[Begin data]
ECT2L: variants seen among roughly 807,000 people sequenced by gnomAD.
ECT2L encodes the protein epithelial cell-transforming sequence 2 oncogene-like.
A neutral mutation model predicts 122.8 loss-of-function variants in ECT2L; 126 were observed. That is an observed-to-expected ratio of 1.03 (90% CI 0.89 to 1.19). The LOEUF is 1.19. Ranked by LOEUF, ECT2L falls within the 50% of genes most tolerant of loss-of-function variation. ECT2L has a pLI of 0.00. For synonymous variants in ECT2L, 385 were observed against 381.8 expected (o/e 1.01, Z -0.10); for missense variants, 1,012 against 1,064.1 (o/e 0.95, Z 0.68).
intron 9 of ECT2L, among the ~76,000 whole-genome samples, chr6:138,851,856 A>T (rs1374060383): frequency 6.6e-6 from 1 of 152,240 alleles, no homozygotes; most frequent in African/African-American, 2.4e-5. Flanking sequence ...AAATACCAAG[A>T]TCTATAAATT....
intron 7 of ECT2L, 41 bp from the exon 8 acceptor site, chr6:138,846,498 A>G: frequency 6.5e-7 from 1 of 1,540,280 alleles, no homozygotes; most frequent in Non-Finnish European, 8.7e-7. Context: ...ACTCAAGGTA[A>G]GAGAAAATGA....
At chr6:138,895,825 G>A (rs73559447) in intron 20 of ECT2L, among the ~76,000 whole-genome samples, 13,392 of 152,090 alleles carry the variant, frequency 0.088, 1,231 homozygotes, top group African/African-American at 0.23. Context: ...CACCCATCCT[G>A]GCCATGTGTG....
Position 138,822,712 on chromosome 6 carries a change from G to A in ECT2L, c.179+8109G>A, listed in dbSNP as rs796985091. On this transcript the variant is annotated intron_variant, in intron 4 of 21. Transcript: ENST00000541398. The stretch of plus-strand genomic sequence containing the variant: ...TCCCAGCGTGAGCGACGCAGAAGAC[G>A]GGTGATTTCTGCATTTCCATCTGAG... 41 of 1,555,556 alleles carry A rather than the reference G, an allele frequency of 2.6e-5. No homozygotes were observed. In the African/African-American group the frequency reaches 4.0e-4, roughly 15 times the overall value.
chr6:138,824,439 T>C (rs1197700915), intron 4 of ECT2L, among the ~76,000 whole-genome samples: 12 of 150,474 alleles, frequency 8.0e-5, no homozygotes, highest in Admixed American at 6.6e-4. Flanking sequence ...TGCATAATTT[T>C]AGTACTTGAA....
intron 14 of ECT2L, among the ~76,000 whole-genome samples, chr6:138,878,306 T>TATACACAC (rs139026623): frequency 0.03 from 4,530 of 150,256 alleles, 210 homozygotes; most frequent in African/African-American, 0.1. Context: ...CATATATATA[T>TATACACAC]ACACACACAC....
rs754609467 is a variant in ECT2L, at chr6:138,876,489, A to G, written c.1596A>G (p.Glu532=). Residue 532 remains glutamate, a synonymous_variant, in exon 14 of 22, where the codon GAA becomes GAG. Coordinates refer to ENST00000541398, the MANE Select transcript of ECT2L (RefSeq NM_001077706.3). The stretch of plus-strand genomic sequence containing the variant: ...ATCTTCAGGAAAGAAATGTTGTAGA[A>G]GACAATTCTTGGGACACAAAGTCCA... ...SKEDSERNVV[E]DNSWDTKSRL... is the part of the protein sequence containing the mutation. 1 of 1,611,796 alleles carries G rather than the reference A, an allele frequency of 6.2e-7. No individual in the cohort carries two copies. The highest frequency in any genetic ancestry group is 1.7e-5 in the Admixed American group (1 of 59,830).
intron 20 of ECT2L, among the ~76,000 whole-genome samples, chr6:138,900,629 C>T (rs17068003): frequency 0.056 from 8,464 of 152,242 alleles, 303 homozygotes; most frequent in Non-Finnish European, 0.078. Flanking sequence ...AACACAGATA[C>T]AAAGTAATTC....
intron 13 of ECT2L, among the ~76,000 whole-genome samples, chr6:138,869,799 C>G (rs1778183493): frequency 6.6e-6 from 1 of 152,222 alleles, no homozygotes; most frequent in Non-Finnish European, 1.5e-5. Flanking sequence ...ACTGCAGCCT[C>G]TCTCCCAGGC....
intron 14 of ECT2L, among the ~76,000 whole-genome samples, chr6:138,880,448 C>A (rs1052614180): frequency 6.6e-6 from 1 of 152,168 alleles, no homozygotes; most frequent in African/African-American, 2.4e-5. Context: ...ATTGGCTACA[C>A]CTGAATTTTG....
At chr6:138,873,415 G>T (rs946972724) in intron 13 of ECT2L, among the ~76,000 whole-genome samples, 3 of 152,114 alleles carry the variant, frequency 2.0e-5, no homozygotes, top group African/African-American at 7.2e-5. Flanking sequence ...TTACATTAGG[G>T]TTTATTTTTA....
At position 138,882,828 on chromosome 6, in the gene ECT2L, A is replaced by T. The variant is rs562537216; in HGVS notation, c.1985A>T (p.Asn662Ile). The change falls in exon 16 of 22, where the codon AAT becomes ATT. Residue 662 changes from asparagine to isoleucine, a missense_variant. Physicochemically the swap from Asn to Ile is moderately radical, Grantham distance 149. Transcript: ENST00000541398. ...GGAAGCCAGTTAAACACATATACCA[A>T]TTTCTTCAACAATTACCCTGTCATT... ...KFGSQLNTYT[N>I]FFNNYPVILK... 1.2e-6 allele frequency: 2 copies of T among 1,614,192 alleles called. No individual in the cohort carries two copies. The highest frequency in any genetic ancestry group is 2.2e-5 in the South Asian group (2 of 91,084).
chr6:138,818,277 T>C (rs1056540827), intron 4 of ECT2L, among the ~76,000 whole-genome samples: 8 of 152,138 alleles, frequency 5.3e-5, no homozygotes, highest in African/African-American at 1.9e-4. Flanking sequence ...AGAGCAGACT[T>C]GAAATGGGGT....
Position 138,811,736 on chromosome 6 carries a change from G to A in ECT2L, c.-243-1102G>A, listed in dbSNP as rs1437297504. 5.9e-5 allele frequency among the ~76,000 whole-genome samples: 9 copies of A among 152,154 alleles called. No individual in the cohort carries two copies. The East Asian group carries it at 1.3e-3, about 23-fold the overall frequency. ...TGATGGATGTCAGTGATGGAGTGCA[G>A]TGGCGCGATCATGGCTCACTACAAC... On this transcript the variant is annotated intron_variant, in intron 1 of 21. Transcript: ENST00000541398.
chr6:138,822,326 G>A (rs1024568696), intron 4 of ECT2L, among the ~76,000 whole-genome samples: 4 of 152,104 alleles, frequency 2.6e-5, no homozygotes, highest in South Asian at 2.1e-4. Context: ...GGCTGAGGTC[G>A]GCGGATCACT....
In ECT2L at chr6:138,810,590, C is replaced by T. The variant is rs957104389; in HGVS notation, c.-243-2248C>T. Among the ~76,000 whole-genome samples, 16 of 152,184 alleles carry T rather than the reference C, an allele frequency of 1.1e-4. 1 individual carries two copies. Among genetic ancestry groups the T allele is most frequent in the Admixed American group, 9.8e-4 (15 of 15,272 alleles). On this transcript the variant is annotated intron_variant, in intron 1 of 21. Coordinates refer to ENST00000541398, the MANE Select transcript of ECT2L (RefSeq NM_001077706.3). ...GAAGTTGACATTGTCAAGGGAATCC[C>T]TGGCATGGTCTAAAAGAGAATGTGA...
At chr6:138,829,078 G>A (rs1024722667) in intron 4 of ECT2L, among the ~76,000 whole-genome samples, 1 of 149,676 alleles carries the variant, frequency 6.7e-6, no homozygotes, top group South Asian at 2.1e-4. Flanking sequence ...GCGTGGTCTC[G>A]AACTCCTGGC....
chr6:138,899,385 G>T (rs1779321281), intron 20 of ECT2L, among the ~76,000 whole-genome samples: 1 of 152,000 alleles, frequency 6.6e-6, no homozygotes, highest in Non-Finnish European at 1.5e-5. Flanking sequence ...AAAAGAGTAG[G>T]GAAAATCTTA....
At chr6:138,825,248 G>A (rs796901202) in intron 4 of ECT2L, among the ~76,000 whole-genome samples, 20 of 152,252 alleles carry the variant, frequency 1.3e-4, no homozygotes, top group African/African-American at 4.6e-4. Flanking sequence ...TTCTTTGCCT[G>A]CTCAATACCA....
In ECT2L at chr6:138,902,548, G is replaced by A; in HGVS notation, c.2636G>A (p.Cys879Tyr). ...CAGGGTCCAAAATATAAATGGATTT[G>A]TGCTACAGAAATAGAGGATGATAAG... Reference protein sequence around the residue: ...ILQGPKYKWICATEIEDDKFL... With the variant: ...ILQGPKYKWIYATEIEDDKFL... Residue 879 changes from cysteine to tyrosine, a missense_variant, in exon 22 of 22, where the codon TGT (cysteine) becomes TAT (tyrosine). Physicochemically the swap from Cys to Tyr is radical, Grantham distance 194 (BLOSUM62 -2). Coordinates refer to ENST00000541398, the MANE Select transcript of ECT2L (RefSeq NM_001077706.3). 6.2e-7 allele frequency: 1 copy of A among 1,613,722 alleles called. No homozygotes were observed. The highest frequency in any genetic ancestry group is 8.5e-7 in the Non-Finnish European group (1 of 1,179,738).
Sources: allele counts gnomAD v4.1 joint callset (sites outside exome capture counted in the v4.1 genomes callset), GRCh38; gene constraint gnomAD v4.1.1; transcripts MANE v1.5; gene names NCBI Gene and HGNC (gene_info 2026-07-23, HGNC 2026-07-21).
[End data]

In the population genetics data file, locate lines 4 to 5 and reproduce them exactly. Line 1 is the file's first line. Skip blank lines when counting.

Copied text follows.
intron 9 of ECT2L, among the ~76,000 whole-genome samples, chr6:138,851,856 A>T (rs1374060383): frequency 6.6e-6 from 1 of 152,240 alleles, no homozygotes; most frequent in African/African-American, 2.4e-5. Flanking sequence ...AAATACCAAG[A>T]TCTATAAATT....
intron 7 of ECT2L, 41 bp from the exon 8 acceptor site, chr6:138,846,498 A>G: frequency 6.5e-7 from 1 of 1,540,280 alleles, no homozygotes; most frequent in Non-Finnish European, 8.7e-7. Context: ...ACTCAAGGTA[A>G]GAGAAAATGA....